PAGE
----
s=s1says that the selector for the domain’s public key is
s1. It will be explained later
bh=[...]contains the base64 hash of the canonicalized body part of the message. Note that an
loption could be provided in the parameters, to specify the max length of the body that will be used to calculate the hash. That means that content could be included after length
land the DKIM would still be valid
b=[...]contains the base64 signature
When the receiving server gets the message, it will try to see if the signature provided in
b is valid. For that, it will make a DNS query to get the key for the domain that sent the email, and receive the following:
user@Host ~ % dig TXT s1._domainkey.haveibeenpwned.com [...] ;; ANSWER SECTION: s1._domainkey.haveibeenpwned.com. 300 IN CNAME s1.domainkey.u3489673.wl174.sendgrid.net. s1.domainkey.u3489673.wl174.sendgrid.net. 474 IN TXT "k=rsa; t=s; p=[key]"
You will notice the
s1 in the dig query. This is the selector value that was in the
s field of the DKIM header of the email. DKIM entries will always be stored for
Once it got the key provided in the DNS reply, the receiving server will verify that the signature is valid and matching the content. If not, the verification fails. Otherwise, something looking as follows will be added to the email headers.
Authentication-Results: mailin007.protonmail.ch; dkim=pass (1024-bit key) header.d=haveibeenpwned.com email@example.com header.b="EwFk1JDn"
Domain-based Message Authentication, Reporting and Conformance (DMARC) #
If you followed everything until here, your email server address is now part of a SPF entry, and your messages are signed thanks to DKIM. This is good, but what happens if an attacker decides to forge a message, and send it from his server (without including any DKIM)? In this scenario, the email will likely be allowed by the recipient server, and end up in the recipient’s mailbox.
This is where DMARC comes in handy. This mechanism has the following benefits:
- It allows giving guidelines to the receiving email servers on how to process emails failing SPF or DKIM checks (even if there is no obligation whatsoever for the servers to enforce it)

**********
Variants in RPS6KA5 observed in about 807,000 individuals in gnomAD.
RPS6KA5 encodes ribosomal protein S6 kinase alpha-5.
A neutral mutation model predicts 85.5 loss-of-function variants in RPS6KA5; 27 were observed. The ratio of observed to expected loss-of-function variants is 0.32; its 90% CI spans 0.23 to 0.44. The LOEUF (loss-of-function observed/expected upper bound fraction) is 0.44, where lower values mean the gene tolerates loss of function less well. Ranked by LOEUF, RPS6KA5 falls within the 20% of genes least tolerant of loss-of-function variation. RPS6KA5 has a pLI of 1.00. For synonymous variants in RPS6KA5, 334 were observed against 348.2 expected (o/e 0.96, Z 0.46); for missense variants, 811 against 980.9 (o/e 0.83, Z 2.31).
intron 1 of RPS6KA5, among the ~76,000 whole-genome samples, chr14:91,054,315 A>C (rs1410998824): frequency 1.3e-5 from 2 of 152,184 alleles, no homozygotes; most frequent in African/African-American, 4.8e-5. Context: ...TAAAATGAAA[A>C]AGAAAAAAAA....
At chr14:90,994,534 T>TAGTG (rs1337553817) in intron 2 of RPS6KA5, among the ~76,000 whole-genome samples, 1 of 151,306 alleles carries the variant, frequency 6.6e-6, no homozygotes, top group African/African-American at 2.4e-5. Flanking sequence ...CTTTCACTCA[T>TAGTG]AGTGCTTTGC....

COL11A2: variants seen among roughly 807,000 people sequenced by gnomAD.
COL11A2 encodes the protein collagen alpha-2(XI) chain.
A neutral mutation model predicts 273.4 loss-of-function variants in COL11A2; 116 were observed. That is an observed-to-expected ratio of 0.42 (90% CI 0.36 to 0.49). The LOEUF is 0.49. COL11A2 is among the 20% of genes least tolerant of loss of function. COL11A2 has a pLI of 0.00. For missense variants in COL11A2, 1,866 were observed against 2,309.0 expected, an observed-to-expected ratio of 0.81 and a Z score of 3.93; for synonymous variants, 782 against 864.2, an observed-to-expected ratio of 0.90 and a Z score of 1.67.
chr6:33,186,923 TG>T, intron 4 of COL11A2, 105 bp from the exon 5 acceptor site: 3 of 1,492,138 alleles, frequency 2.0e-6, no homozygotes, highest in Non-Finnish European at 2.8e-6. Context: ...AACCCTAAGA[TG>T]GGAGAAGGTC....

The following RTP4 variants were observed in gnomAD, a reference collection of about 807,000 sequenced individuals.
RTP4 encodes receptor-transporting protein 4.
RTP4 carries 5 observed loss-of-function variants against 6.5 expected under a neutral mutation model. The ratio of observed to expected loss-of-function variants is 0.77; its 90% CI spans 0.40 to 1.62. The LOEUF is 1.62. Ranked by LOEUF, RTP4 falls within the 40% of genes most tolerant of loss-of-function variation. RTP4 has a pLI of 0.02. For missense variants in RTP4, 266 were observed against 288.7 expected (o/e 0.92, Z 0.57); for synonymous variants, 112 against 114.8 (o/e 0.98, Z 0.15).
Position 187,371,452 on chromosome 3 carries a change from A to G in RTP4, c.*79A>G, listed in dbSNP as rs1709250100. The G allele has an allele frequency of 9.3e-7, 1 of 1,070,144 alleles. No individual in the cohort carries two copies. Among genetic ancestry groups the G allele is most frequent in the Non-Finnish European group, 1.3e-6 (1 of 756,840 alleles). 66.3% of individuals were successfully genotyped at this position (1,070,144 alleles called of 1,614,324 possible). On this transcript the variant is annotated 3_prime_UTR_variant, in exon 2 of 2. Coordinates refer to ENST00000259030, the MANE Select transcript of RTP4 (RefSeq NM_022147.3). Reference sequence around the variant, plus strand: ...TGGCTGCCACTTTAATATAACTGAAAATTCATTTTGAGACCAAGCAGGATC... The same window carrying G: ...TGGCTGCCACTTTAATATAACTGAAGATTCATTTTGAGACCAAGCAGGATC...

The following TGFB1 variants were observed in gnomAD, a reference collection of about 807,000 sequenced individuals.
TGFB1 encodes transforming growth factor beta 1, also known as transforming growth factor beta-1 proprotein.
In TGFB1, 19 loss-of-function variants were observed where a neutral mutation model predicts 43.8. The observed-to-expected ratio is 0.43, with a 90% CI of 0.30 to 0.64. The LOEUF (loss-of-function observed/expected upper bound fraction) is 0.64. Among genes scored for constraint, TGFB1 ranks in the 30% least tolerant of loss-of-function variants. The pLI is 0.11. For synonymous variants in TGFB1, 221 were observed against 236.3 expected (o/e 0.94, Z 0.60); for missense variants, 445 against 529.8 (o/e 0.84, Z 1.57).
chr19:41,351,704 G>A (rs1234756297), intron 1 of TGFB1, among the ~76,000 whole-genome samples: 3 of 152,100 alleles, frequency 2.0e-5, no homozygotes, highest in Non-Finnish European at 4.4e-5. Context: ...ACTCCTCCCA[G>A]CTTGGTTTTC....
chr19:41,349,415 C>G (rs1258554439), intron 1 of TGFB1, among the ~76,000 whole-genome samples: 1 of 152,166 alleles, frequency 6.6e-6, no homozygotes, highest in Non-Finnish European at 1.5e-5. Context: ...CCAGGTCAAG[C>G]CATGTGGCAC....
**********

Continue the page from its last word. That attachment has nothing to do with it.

- It allows extra options to manage SPF with subdomains (note that servers matching ~all will be marked as a fail)
- It allows getting some feedback on the email sent using our domain name, which comes in handy for debugging or detecting malicious activity
- DMARC checks that RFC5321’s Mailfrom header and the RDC5322’s Mailfrom header are matching to address a weakness in DMARC and SPF
As for the two other items, DMARC is set through a single TXT DNS field that will be located at
_dmarc.domain.com. The following snippet shows an example of configuration.
v=DMARC1; p=reject; sp=reject; ruf=mailto:firstname.lastname@example.org; aspf=s; adkim=s; fo=1;
Let’s have a look at the different fields:
v(mandatory) is the DMARC version (always
p(mandatory) defines the policy for the domain sent from
example.comin the case where the SPF or DKIM check fails. If it is set to
rejectnothing will end up in the users’ mailboxes,
quarantinewill send emails to spam, and
nonewill do nothing
podoes the same as
pbut for the sub-domains
rufallows defining an email address that will receive forensic reports when emails fail the validation.
ruais a similar option that will send daily (less detailed) aggregated reports of the activity involving our domain (e.g., if you send emails to Gmail during the day, Gmail will send you a report aggregating the various operations at the end of the day). Note that some servers will not send reports
aspfallows setting an extra policy for the SPF. It can either be strict (
s) or relaxed (
r). In the case where you have an SPF record for
example.com, a mail sent from
email@example.com fail the SPF validation if the policy is set to strict, else success if the policy is set to relaxed.
adkimdoes the same as
aspfbut for DKIM
foallows setting the logging level when emails fail the validation.
0(default) will send reports if both SPF and DKIM fail,
1will send reports if any of DKIM or SPF fails,
dwill send an email if the DKIM fails, and
sif this is the SPF. Note that it is possible to combine the rule, for example
Useful Tools #
Here is a list of tools that I think are helpful when it comes to configuring DNS email entries.
- mxtoolbox.com - Various online tools to allow checking your email configuration
- mail-tester.com - will give a mark to the emails sent from your email server, and tell you if things are not working or should be improved
- whatsmydns.net - allows you to check if DNS entries are properly propagated